It was like nothing I’d ever experienced before. I was one of the youngest of the Livejournal generation but I never really understood the interface. I found Tumblr frustrating but intuitive, and I really valued the ability to create different blogs with different aesthetics and communities attached to them.

Having Tumblr meant that I had somewhere to vent and find other people who had experienced the same difficulties. There are friends of mine that I still keep in touch with now who I met through the Tumblr mental illness communities.

We've saved each other’s lives by calling the authorities when it’s been necessary; we’ve donated to each other’s GoFundMes and Givealittles when our financial situations have been tight; we’ve sat through the night together on Skype for hours and hours on end when we’ve felt so dangerously low that we couldn’t handle being alone. We’ve ordered each other surprise pizza from across the world when we know the other is having a rough time. Some I’ve even met in person.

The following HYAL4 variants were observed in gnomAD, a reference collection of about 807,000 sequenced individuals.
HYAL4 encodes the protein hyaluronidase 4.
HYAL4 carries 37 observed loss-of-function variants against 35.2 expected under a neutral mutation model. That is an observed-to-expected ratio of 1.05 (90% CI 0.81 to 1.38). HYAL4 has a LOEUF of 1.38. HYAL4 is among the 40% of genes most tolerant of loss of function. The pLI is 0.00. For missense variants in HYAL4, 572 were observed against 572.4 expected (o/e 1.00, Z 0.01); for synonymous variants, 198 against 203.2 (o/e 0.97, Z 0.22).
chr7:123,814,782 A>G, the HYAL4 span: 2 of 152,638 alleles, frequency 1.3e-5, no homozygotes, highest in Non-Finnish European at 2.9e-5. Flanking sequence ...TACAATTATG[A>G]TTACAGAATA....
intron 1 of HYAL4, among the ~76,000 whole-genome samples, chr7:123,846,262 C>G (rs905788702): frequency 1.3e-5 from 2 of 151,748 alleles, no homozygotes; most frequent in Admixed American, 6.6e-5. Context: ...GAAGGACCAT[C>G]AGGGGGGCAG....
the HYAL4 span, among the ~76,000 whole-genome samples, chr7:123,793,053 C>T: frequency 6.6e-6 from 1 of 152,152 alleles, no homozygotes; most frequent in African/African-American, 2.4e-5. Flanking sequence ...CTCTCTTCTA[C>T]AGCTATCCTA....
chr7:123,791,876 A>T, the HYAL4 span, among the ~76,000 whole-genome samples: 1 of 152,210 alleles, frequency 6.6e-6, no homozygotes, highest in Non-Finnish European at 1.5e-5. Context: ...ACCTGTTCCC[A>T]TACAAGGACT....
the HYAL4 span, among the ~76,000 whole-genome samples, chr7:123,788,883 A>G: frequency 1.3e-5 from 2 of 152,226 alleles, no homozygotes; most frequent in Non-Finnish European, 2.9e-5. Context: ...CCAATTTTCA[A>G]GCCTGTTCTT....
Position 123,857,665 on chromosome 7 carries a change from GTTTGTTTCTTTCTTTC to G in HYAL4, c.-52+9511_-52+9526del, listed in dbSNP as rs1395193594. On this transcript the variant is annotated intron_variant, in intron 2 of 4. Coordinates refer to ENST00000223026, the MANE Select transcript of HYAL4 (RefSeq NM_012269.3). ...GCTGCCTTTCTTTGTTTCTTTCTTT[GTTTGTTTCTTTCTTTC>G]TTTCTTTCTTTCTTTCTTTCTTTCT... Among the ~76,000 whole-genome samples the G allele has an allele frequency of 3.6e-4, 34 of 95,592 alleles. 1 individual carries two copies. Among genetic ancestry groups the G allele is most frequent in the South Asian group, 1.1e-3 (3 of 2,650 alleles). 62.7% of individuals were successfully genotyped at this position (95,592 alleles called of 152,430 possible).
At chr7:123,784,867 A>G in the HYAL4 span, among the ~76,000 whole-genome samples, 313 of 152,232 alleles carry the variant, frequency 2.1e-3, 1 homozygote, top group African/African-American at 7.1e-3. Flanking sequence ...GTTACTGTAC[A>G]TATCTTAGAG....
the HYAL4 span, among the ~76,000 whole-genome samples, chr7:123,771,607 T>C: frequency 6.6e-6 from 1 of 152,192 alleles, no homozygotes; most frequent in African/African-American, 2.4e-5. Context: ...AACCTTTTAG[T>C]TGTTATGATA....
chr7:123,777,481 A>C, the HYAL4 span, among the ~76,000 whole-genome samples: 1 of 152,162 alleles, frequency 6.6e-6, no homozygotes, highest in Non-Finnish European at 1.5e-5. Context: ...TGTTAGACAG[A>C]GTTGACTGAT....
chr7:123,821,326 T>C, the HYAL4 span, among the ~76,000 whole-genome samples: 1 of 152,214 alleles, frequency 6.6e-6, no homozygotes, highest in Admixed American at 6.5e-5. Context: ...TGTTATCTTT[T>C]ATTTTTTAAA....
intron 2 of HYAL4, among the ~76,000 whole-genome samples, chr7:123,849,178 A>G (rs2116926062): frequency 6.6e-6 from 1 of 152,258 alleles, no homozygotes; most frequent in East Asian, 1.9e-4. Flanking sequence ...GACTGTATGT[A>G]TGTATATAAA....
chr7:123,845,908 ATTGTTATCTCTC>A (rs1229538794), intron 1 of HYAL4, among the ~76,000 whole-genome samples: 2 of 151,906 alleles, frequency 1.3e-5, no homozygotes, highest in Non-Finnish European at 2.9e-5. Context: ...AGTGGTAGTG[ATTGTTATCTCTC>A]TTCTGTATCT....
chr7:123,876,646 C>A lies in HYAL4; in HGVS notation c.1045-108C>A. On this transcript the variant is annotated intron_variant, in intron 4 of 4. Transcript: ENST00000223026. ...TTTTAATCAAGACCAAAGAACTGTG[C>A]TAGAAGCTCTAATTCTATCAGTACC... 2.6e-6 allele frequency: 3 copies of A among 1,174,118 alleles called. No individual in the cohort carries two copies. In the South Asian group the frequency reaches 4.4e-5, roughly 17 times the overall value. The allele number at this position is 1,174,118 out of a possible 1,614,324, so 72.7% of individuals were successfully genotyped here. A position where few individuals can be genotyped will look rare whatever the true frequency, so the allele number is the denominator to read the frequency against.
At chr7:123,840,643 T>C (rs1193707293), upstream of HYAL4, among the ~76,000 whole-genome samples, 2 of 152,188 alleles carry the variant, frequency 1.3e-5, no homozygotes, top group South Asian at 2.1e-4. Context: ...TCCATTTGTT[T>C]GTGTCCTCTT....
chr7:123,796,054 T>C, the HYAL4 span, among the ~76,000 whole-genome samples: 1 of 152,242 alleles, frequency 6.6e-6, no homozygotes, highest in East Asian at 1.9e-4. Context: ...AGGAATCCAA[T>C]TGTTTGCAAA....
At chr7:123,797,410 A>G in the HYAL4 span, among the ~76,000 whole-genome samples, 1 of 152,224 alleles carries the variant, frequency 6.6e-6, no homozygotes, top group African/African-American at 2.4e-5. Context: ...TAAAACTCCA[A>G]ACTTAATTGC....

As I’ve grown older my use of social media communities has shifted, but not really changed. As an older teenager I left some of the more problematic communities – believe it or not I was once upon a time involved in the pro-anorexia, pro-self-harm communities – and the communities I’ve moved into have much more of a pro-recovery bent to them. I was once an admin on the popular Tumblr blog “Choose Recovery” until 20,000 followers to 20 admins became too overwhelming and the blog dwindled into non-activity. I am still an admin in Facebook eating disorder recovery groups, alongside four or five other friends from around the world who have personal experience of eating disorders but professional qualifications and training too. I participate in general mental illness and post-traumatic stress disorder support groups through Facebook and I have a wonderful group of close, local friends built through the mental health and chronic illness communities on Instagram. When my old joints get too sore for my young body again, and I’m stuck alone in bed for days on end, I’m kept company by “spoonie vloggers” on YouTube – people who vlog nearly daily about their lives with chronic illness or mental illness, or by my friends on Twitter who again, have saved me from the brink more times than I can count.